There’s no such thing as a heartless ‘good cause’

Whenever something like this happens, I always find myself thinking about what both the victims and the perpetrator were doing a few hours before; they woke up, dressed, ate, talked to friends and family, laughed, noticed things, had thoughts, feelings. It does my head in. Someone they made smile in the morning was screaming about them a few hours later, weeping, praying for their safety.

And whoever carried out the attack; were there not hundreds of things permeating his senses that should have made him change his mind? Things that should have awakened his reason, his human compassion, his desire for another path in life?  How can you believe your “cause” is right (whatever it is), if you have to shut these things off in your heart and mind, or in the hearts and minds of your followers and supporters?  If you are right, why do you have to brainwash anyone and dehumanize them so much that they dehumanize others?

…When any group resorts to dramatic acts of violence, it revels their weakness and their inability to convince anyone to support their objectives; it is an attempt to blast their way out of the margins, but it just marginalizes them even more.  If you want your cause to succeed, you cannot do it by a process of dehumanization.  You need to build connections between your group and the general public, not sever them.  Help them, don’t harm them.  Empathize, don’t dehumanize.  Don’t turn your group into cold-hearted, brainwashed automatons serving their leaders; but rather compassionate, intelligent servants of the community. And if you cannot do that without it detracting from your “cause”, then you should recognize that your “cause” is wrong.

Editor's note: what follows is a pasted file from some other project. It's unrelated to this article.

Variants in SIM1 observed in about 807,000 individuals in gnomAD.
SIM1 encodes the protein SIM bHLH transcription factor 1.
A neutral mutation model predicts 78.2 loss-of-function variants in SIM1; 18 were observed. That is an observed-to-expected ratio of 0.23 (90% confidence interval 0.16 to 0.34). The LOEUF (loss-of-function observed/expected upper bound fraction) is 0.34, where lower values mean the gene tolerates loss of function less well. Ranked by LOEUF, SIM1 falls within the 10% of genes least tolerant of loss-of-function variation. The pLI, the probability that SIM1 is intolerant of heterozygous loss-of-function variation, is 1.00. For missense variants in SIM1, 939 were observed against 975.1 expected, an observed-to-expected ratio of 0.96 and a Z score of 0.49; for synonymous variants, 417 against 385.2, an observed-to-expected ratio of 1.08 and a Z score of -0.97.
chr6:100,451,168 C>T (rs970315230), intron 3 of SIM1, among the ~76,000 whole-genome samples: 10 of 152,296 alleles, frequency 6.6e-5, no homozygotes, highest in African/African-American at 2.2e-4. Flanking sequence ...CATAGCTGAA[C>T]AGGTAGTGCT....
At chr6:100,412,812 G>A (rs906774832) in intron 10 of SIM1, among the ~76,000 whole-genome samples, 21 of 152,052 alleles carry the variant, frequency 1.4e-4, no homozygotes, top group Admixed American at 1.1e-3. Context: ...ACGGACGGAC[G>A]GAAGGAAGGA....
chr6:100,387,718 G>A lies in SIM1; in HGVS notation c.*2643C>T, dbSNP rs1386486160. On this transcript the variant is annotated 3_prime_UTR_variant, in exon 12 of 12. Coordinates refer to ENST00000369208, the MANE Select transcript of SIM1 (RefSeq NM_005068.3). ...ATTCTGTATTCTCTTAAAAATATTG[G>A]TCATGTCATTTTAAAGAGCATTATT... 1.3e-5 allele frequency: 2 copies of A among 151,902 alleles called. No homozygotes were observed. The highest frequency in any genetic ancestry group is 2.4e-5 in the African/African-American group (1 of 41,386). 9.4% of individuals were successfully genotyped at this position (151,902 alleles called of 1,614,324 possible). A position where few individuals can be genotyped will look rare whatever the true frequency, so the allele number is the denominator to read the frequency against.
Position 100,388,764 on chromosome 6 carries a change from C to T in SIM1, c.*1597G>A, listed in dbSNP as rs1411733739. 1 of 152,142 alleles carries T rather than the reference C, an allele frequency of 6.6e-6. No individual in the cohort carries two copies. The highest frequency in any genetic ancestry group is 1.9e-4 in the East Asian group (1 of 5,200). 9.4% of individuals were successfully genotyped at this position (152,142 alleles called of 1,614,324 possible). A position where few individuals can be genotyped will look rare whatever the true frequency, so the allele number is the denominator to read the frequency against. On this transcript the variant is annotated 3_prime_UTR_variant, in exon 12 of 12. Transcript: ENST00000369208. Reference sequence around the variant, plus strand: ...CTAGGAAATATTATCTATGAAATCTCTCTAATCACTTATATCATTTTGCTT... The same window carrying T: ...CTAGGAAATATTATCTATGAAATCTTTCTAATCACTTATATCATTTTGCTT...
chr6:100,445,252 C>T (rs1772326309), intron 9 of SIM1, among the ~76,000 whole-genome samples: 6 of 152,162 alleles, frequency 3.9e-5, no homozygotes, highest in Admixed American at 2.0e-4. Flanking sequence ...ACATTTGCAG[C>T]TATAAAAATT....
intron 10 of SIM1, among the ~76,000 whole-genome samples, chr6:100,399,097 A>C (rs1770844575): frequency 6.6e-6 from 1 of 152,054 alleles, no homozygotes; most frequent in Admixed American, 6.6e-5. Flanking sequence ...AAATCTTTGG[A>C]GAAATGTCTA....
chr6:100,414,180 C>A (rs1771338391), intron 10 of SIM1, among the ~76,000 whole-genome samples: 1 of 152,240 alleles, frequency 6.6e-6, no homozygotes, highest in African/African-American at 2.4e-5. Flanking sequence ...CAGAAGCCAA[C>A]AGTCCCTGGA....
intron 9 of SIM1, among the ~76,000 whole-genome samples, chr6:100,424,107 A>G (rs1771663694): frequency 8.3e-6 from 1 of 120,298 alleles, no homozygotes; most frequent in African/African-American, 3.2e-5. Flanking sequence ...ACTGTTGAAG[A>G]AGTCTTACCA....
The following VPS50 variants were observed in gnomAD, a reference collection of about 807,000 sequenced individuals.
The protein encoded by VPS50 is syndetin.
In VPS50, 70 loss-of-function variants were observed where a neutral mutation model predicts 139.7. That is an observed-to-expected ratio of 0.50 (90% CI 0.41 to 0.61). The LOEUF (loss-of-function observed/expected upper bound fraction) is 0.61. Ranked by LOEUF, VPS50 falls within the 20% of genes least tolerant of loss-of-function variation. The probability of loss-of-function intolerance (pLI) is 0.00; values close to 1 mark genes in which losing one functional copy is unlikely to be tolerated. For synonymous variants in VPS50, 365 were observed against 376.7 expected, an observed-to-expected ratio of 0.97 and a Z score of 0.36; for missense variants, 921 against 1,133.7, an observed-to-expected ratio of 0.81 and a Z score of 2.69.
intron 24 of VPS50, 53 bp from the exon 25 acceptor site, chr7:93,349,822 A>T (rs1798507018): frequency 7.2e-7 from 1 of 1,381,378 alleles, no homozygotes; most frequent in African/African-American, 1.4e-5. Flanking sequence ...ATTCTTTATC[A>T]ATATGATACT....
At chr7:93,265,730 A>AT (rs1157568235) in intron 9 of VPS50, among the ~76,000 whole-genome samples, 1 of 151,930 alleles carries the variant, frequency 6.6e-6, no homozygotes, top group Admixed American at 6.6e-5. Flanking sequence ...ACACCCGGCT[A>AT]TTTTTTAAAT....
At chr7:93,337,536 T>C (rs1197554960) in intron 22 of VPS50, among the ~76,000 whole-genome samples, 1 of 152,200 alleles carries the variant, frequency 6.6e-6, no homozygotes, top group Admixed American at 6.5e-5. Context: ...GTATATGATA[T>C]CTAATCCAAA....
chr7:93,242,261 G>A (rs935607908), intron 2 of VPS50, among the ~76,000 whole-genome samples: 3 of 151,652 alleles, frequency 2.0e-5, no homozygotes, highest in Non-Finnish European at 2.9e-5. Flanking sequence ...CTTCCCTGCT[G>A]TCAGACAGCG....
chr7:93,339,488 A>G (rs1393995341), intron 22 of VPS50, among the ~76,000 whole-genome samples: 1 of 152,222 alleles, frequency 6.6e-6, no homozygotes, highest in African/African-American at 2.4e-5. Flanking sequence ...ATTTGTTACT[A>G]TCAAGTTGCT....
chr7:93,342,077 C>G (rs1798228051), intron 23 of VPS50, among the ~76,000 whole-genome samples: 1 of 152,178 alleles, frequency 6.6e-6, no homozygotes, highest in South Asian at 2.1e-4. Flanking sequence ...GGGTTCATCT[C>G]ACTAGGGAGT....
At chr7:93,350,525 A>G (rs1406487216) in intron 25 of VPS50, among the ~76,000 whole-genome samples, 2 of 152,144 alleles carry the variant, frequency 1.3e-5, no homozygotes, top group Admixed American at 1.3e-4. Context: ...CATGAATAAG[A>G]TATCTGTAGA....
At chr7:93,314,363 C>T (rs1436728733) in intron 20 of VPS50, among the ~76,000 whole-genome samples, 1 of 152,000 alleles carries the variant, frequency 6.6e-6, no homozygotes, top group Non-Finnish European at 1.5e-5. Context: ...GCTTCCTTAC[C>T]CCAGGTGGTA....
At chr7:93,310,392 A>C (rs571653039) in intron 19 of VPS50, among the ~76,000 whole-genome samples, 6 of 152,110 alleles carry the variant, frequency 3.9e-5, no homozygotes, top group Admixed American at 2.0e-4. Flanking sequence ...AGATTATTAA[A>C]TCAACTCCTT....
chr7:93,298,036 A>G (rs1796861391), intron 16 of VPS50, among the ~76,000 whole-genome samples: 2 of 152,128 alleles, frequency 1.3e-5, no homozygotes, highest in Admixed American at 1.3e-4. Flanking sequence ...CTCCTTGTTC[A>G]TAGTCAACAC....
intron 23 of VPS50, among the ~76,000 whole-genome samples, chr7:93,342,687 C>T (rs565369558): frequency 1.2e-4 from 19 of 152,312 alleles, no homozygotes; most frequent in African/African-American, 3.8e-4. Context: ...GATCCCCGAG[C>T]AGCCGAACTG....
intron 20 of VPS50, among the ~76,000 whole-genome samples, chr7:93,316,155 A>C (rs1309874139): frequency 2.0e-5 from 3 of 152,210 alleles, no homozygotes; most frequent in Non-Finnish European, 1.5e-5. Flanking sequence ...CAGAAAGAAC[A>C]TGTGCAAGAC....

In this blog post, Shahid contemplates inhumanity following a suicide bomber attack in Turkey. His thoughts are relevant to all such acts of violence.

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